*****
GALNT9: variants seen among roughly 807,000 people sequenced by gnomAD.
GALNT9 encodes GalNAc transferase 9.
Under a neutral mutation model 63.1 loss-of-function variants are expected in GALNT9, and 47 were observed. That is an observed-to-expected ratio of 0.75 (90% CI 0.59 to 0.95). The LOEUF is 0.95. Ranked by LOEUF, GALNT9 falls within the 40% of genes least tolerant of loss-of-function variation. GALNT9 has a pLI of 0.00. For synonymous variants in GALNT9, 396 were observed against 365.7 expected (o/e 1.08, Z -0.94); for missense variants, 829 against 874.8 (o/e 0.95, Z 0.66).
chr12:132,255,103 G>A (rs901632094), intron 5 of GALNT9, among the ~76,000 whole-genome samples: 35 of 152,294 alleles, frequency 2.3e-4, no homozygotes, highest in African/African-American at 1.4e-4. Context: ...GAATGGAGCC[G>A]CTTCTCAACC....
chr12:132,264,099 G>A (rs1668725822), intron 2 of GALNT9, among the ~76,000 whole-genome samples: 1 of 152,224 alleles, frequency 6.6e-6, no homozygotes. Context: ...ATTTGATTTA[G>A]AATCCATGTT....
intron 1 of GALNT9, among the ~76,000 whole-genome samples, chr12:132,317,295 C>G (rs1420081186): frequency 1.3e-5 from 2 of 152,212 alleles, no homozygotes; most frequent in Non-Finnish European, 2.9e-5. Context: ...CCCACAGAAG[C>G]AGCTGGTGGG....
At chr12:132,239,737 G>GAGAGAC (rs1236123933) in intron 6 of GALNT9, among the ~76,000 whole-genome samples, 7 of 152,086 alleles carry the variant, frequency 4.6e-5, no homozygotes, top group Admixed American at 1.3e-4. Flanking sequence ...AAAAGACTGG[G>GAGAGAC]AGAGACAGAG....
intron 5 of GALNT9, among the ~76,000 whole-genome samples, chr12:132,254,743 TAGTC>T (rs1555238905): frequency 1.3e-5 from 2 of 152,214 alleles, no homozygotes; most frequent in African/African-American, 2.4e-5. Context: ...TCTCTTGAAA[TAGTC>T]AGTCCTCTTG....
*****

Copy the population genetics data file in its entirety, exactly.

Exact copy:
GALNT9: variants seen among roughly 807,000 people sequenced by gnomAD.
GALNT9 encodes GalNAc transferase 9.
Under a neutral mutation model 63.1 loss-of-function variants are expected in GALNT9, and 47 were observed. That is an observed-to-expected ratio of 0.75 (90% CI 0.59 to 0.95). The LOEUF is 0.95. Ranked by LOEUF, GALNT9 falls within the 40% of genes least tolerant of loss-of-function variation. GALNT9 has a pLI of 0.00. For synonymous variants in GALNT9, 396 were observed against 365.7 expected (o/e 1.08, Z -0.94); for missense variants, 829 against 874.8 (o/e 0.95, Z 0.66).
chr12:132,255,103 G>A (rs901632094), intron 5 of GALNT9, among the ~76,000 whole-genome samples: 35 of 152,294 alleles, frequency 2.3e-4, no homozygotes, highest in African/African-American at 1.4e-4. Context: ...GAATGGAGCC[G>A]CTTCTCAACC....
chr12:132,264,099 G>A (rs1668725822), intron 2 of GALNT9, among the ~76,000 whole-genome samples: 1 of 152,224 alleles, frequency 6.6e-6, no homozygotes. Context: ...ATTTGATTTA[G>A]AATCCATGTT....
intron 1 of GALNT9, among the ~76,000 whole-genome samples, chr12:132,317,295 C>G (rs1420081186): frequency 1.3e-5 from 2 of 152,212 alleles, no homozygotes; most frequent in Non-Finnish European, 2.9e-5. Context: ...CCCACAGAAG[C>G]AGCTGGTGGG....
At chr12:132,239,737 G>GAGAGAC (rs1236123933) in intron 6 of GALNT9, among the ~76,000 whole-genome samples, 7 of 152,086 alleles carry the variant, frequency 4.6e-5, no homozygotes, top group Admixed American at 1.3e-4. Flanking sequence ...AAAAGACTGG[G>GAGAGAC]AGAGACAGAG....
intron 5 of GALNT9, among the ~76,000 whole-genome samples, chr12:132,254,743 TAGTC>T (rs1555238905): frequency 1.3e-5 from 2 of 152,214 alleles, no homozygotes; most frequent in African/African-American, 2.4e-5. Context: ...TCTCTTGAAA[TAGTC>T]AGTCCTCTTG....